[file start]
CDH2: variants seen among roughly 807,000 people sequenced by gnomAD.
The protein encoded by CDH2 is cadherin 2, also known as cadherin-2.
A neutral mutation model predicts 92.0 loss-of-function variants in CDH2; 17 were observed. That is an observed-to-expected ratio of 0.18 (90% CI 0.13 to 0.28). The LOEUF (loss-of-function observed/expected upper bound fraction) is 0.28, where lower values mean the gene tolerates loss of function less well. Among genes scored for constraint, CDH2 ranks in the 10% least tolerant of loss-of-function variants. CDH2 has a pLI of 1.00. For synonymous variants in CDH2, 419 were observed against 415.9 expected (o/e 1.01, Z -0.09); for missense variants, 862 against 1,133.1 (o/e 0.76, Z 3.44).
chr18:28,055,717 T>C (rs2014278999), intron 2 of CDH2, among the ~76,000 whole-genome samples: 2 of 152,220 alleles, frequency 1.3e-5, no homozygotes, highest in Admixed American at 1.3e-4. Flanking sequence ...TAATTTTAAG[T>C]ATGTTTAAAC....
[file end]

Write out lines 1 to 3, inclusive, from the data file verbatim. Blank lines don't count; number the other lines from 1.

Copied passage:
CDH2: variants seen among roughly 807,000 people sequenced by gnomAD.
The protein encoded by CDH2 is cadherin 2, also known as cadherin-2.
A neutral mutation model predicts 92.0 loss-of-function variants in CDH2; 17 were observed. That is an observed-to-expected ratio of 0.18 (90% CI 0.13 to 0.28). The LOEUF (loss-of-function observed/expected upper bound fraction) is 0.28, where lower values mean the gene tolerates loss of function less well. Among genes scored for constraint, CDH2 ranks in the 10% least tolerant of loss-of-function variants. CDH2 has a pLI of 1.00. For synonymous variants in CDH2, 419 were observed against 415.9 expected (o/e 1.01, Z -0.09); for missense variants, 862 against 1,133.1 (o/e 0.76, Z 3.44).